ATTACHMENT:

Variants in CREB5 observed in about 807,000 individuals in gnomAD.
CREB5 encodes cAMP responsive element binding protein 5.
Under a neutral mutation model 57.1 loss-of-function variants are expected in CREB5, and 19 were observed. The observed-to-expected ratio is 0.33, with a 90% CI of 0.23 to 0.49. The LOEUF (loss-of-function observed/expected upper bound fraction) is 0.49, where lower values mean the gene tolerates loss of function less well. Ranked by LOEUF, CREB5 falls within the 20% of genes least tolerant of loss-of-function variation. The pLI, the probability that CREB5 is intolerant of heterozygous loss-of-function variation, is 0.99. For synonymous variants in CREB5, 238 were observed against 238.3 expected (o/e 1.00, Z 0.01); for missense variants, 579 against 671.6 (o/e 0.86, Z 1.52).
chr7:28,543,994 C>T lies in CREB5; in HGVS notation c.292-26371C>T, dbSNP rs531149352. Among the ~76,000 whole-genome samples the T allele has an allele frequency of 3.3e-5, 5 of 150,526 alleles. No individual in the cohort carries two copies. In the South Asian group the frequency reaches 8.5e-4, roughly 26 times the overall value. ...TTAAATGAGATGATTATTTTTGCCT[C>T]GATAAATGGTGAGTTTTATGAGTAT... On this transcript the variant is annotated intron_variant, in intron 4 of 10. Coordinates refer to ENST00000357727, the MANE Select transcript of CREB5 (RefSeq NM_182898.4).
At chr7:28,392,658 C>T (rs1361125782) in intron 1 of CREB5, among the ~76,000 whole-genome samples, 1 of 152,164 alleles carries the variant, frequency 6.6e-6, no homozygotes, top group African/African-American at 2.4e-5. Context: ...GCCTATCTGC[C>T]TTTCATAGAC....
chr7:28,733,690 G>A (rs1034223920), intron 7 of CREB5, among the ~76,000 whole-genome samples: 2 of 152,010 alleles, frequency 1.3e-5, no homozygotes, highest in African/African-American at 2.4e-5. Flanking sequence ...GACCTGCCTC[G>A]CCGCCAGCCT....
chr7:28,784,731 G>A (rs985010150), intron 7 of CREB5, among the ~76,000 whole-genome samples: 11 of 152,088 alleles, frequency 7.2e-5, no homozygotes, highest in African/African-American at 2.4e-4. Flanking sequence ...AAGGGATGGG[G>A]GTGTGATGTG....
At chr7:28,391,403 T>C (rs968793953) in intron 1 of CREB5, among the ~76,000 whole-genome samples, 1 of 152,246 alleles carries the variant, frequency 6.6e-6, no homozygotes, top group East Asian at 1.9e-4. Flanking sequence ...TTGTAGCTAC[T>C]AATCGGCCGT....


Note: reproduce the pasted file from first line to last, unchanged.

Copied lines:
Variants in CREB5 observed in about 807,000 individuals in gnomAD.
CREB5 encodes cAMP responsive element binding protein 5.
Under a neutral mutation model 57.1 loss-of-function variants are expected in CREB5, and 19 were observed. The observed-to-expected ratio is 0.33, with a 90% CI of 0.23 to 0.49. The LOEUF (loss-of-function observed/expected upper bound fraction) is 0.49, where lower values mean the gene tolerates loss of function less well. Ranked by LOEUF, CREB5 falls within the 20% of genes least tolerant of loss-of-function variation. The pLI, the probability that CREB5 is intolerant of heterozygous loss-of-function variation, is 0.99. For synonymous variants in CREB5, 238 were observed against 238.3 expected (o/e 1.00, Z 0.01); for missense variants, 579 against 671.6 (o/e 0.86, Z 1.52).
chr7:28,543,994 C>T lies in CREB5; in HGVS notation c.292-26371C>T, dbSNP rs531149352. Among the ~76,000 whole-genome samples the T allele has an allele frequency of 3.3e-5, 5 of 150,526 alleles. No individual in the cohort carries two copies. In the South Asian group the frequency reaches 8.5e-4, roughly 26 times the overall value. ...TTAAATGAGATGATTATTTTTGCCT[C>T]GATAAATGGTGAGTTTTATGAGTAT... On this transcript the variant is annotated intron_variant, in intron 4 of 10. Coordinates refer to ENST00000357727, the MANE Select transcript of CREB5 (RefSeq NM_182898.4).
At chr7:28,392,658 C>T (rs1361125782) in intron 1 of CREB5, among the ~76,000 whole-genome samples, 1 of 152,164 alleles carries the variant, frequency 6.6e-6, no homozygotes, top group African/African-American at 2.4e-5. Context: ...GCCTATCTGC[C>T]TTTCATAGAC....
chr7:28,733,690 G>A (rs1034223920), intron 7 of CREB5, among the ~76,000 whole-genome samples: 2 of 152,010 alleles, frequency 1.3e-5, no homozygotes, highest in African/African-American at 2.4e-5. Flanking sequence ...GACCTGCCTC[G>A]CCGCCAGCCT....
chr7:28,784,731 G>A (rs985010150), intron 7 of CREB5, among the ~76,000 whole-genome samples: 11 of 152,088 alleles, frequency 7.2e-5, no homozygotes, highest in African/African-American at 2.4e-4. Flanking sequence ...AAGGGATGGG[G>A]GTGTGATGTG....
At chr7:28,391,403 T>C (rs968793953) in intron 1 of CREB5, among the ~76,000 whole-genome samples, 1 of 152,246 alleles carries the variant, frequency 6.6e-6, no homozygotes, top group East Asian at 1.9e-4. Flanking sequence ...TTGTAGCTAC[T>C]AATCGGCCGT....